A little research on Google revealed that Perl fitted the bill as the program of choice to use. Now I needed to learn Perl. A little more research came up with this book. I specifically wanted to work with numbers, creating and solving equations, and this book had a chapter on "Working with Numbers" (Chapter 9) so I bought it.
It took a little while to get the Apache version of Perl for Windows set up on my computer (the author's website could be a little clearer on how to do this)and get the "Hello World!" to come up on the screen. The big breakthrough was to create a little program to add two numbers together via the Internet on my browser. At that point, the main principles had clicked into place and I was away.
Within weeks, I was creating scripts two and three thousand lines long, taking full advantage of the range and power of Perl to draw graphs, create line drawings and solve complex equations. I created a full blown ordering system and database, which uses the web as a common network for my staff who need to access the database from different buildings on the factory site.
Throughout this process, when I needed a solution to a particular programming problem, I usually found it in my well thumbed copy of Jacqueline Hamilton's book. If I found that there was a bug somewhere in a particular routine, a careful re-read of the relevant part in the book usually came up with the reason why it was not working.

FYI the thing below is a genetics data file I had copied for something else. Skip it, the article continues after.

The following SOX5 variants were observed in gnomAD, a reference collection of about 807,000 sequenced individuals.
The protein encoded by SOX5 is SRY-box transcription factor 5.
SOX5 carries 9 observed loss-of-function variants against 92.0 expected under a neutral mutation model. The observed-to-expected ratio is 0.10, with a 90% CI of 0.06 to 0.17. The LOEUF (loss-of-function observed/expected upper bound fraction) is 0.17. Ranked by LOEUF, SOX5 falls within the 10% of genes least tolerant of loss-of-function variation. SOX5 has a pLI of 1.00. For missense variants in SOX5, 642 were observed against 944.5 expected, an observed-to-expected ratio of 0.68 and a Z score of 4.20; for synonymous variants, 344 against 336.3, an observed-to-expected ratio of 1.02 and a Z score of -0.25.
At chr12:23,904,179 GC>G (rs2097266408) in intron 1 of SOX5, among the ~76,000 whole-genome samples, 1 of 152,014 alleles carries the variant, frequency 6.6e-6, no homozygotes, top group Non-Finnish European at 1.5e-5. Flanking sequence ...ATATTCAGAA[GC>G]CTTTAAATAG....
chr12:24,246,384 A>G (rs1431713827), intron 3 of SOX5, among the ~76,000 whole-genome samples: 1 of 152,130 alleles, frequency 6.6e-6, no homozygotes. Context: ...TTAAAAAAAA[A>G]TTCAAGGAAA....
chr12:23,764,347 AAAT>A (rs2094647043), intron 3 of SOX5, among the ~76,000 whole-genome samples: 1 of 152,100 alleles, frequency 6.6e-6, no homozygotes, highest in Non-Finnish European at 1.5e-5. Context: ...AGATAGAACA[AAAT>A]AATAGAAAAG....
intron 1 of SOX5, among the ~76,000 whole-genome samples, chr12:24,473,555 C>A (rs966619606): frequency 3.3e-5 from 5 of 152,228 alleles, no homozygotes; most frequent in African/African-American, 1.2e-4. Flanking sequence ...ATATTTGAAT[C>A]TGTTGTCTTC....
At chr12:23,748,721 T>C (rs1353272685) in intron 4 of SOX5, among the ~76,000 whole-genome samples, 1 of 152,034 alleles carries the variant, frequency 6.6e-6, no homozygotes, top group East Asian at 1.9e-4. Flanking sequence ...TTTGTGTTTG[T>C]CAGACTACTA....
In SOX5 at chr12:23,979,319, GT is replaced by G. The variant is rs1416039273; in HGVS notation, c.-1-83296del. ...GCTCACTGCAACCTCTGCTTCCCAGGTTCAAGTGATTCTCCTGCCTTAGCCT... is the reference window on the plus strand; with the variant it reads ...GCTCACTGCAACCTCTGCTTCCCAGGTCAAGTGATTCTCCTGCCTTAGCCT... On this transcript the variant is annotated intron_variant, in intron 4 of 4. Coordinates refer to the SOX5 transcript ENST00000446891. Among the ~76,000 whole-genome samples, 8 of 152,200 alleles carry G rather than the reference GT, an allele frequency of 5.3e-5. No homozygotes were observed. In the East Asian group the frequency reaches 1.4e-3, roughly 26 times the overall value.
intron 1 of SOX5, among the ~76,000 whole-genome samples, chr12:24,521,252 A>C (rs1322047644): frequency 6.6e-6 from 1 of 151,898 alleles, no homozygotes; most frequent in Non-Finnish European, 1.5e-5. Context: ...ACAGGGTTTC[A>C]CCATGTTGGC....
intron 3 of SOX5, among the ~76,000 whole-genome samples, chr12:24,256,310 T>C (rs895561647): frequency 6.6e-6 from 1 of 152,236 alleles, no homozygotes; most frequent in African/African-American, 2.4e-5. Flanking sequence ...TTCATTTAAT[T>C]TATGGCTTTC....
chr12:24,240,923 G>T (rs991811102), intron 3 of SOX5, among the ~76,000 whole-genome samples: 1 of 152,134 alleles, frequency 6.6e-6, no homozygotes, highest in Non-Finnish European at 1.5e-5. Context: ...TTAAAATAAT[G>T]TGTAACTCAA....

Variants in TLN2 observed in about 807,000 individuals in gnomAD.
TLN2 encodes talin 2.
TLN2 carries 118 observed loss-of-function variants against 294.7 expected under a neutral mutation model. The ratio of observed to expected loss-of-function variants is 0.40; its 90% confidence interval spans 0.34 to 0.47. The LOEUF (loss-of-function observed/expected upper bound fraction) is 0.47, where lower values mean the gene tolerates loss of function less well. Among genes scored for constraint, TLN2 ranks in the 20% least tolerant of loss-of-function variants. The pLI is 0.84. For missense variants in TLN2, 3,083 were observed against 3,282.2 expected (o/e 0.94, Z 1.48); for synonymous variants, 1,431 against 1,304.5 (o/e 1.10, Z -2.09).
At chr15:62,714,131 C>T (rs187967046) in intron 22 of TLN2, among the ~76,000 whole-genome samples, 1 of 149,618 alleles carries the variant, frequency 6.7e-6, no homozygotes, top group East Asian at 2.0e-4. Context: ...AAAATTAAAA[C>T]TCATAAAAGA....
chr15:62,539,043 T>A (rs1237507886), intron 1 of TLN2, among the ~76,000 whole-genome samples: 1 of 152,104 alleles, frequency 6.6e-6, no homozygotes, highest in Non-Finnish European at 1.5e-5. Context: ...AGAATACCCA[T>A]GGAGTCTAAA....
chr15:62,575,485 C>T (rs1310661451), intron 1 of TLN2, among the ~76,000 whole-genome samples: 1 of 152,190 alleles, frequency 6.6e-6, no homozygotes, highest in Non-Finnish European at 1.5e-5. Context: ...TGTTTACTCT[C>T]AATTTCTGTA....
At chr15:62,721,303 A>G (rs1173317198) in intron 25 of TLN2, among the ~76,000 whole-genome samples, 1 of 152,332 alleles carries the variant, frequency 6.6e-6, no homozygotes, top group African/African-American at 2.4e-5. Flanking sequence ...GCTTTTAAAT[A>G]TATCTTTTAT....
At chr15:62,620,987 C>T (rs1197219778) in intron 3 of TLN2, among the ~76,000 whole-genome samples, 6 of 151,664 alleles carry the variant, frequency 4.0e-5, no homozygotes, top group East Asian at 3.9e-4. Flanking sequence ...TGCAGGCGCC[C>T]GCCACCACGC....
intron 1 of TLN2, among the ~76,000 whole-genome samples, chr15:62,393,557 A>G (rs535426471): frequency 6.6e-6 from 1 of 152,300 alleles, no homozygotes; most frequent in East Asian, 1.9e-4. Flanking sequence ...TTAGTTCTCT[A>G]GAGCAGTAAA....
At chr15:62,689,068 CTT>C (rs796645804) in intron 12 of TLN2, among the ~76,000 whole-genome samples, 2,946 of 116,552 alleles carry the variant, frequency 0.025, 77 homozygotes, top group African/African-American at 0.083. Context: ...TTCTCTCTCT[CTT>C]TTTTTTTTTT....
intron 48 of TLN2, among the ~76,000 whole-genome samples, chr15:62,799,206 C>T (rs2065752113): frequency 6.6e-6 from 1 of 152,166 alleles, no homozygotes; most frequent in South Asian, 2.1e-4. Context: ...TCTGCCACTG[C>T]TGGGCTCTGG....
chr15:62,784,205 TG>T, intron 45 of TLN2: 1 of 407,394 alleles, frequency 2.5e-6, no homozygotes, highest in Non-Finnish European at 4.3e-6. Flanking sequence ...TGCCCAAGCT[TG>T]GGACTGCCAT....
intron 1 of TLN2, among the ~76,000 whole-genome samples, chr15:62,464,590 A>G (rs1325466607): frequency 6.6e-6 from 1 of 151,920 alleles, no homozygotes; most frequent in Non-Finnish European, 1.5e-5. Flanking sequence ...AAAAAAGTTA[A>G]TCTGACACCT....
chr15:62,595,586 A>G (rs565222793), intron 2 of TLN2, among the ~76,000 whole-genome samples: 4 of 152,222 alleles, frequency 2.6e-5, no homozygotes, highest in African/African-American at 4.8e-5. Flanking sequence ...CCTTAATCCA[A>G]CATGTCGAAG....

The more I programmed with Perl, the more I realised what a great book this is. I unreservedly recommend it for anyone wanting to learn Perl.
That is exactly what I did with this book. I read the first edition, some six, maybe seven years ago, and then went on to build whatever I wanted. A year or so after reading it, I made a content management system replete with a gui interface that my employers could use. This book was the inspiration for years of Perl code creation, and employment.
Now, you won't learn as much as you would with any of the standard Perl books (such as Programming Perl, by the O'Reilly publishing world), as it's a project based approach to Perl learning. You aren't inundated with theoretics and syntax that you could then apply; instead, you receive the fundamentals, with some useful code snippets that you can put into your own code, and go forth to create.
In short, it is a delightful read, and I highly recommend it to any user who prefers a practical approach to learning, versus a theoretical one. If your aim is to go directly into a Perl programming job, then you may want to look elsewhere, but if you want to be able to build web applications, this is a quick easy read that will provide you with the tools to create all that you might want.
Most recent customer reviews
Ms. Hamilton's style as an author is unbelieveably clean and understandable.
The book provided me with a very straight forward process to write scripts.Read more